The new CalPERS president, Priya Mathur, lost her board seat this week, defeated by a Corona police sergeant, Jason Perez, who wants to shift the $360 billion investment fund toward higher yields that secure pensions with less focus on social issues.
Mathur, a Bay Area Rapid Transit District analyst serving on the board since 2002, rose to the leadership post in January. The first female CalPERS president was chosen by board members to replace Rob Feckner, president and public face of CalPERS for a dozen years.
Perez received 9,209 votes (56.78 percent) and Mathur received 7,008 votes (43.22 percent).
The CalPERS president, one of 13 members of a powerful board that sets annual rates that must be paid by government employers, has the power to appoint board committee members and approve board member travel requests.
In a typical low-turnout CalPERS board election, only 16,364 votes were cast by the roughly 400,000 eligible local government members, said Brad Pacheco, CalPERS spokesman. The turnout of about 4 percent was below the 6.8 percent in the last election four years ago.
Perez received 9,209 votes (56.78 percent) and Mathur received 7,008 votes (43.22 percent), a CalPERS announcement of unofficial returns said yesterday. Feckner and Theresa Taylor were re-elected to the board without opposition.
“My only goal is to make sure the board will direct the staff to make risk-adjusted investments,” Perez said yesterday. He became known for attending CalPERS board meetings last year to urge a tighter focus on maximizing investment returns.
“Priya Mathur was elected to the CalPERS Board 15 years ago, and the unfunded liability has grown to over $100 BILLION,” Perez said in the CalPERS voter booklet. “Mathur has failed CalPERS and put our retirement security at risk due in part to environmental, social, and governance investing priorities, regardless of the investment risk.”
CalPERS has been a long-time leader among international institutional investors in pushing environmental, social, and corporate government policies, often abbreviated as “ESG.” Backers say they protect long-term investments and make them “sustainable.”
“Mathur is out of touch, believing her role is to fly around the world, ringing the bell of the London Stock Exchange and hobnobbing with United Nations officials,” Perez added in his campaign statement in the CalPERS voter booklet.
Perez won the “public agency” seat representing cities, counties and special districts contracting with CalPERS for pensions.
Perez won’t join the board until January. The independent 13-member board, under a constitutional amendment approved by voters in 1992, has sole control of the nation’s largest pension fund that covers about half of all California non-federal government employees.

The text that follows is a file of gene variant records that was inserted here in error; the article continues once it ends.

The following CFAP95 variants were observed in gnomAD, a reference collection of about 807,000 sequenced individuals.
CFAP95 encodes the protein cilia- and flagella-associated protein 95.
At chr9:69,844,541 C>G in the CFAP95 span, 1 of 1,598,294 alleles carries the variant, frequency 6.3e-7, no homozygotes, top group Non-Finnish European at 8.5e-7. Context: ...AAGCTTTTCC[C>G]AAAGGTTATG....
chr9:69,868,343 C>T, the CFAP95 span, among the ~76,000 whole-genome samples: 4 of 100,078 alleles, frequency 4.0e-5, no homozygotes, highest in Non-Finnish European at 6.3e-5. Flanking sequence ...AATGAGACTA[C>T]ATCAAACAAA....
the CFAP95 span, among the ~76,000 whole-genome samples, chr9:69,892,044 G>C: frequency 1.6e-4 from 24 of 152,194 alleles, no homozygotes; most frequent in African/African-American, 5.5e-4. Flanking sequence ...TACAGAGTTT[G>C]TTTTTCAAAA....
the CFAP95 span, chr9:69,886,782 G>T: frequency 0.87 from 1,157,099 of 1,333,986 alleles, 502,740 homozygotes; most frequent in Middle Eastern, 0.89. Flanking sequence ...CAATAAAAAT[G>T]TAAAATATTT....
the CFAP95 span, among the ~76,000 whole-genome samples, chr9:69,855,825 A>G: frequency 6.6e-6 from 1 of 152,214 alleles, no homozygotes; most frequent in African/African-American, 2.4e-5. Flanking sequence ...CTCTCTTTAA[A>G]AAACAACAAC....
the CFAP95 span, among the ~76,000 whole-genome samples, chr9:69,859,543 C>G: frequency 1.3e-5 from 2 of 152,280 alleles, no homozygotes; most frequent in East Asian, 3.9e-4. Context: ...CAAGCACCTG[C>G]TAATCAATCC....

Six board members are elected by active and retired members, two appointed by the governor, one by the Legislature, and four are state officers: treasurer, controller, human resources director, and personnel board representative.
Perez won the “public agency” seat representing cities, counties and special districts contracting with CalPERS for pensions. After a huge loss in the financial crisis a decade ago, CalPERS only has about 71 percent of the projected assets needed to pay future pensions.
Cities like Corona are hard hit by soaring CalPERS rates. In the next seven years, city rates will increase more than 50 percent, reaching 15.8 percent of the average general fund, nearly double 8.3 percent a decade ago, a League of California Cities study said in February.
Last December another incumbent board member, Michael Bilbrey, was defeated in a runoff by Gretchen Brown, who has clashed with Marcie Frost, the CalPERS chief executive officer.
Brown and J.J. Jelincic, a former board member at odds with staff who did not run for re-election last year, both endorsed Perez. Mathur was endorsed by major public employee unions, such as SEIU and AFSCME, and four board members: Feckner, Taylor, David Miller, and Ramon Rubalcava.
Perez was endorsed by at least 17 local law enforcement groups and the California Association of Highway Patrolmen.
Board members had been routinely re-elected in recent years. Jelincic, a long-time CalPERS investment officer and former state worker union president, said the last defeat of a board incumbent before Bilbrey that he can recall was more than two decades ago.
Asked for his take on the ousters of Mathur and Bilbrey, Jelincic said: “I really don’t know, but I think the board has got to figure out that something is going on and the status quo isn’t going to keep working.”
Jelincic said he is considering running for the CalPERS board seat representing retirees, now held by Henry Jones. Perez said one of his “biggest supporters” was the Retired Public Employees Association.
Only active workers were eligible to vote for the public agency seat. But the retiree association has an experienced campaign organization, which helps boost retiree turnout in other board elections.
Perez was endorsed by at least 17 local law enforcement groups and the California Association of Highway Patrolmen. He said members of his “team” appeared at campaign events around the state that he was unable to attend.
The sergeant, who remained on duty, said he spent roughly $25,000 on the campaign, mostly for travel on weekends. He said his campaign manager was Donna Snodgrass, a Retired Public Employees Association official who ran unsuccessfully for a vacant CalPERS board seat in 2011.
CalPERS has made a number of attempts to increase voter turnout in board elections, including the unusual steps of allowing voting by internet and telephone.
Editor’s Note: Reporter Ed Mendel covered the Capitol in Sacramento for nearly three decades, most recently for the San Diego Union-Tribune. More stories are at Calpensions.com.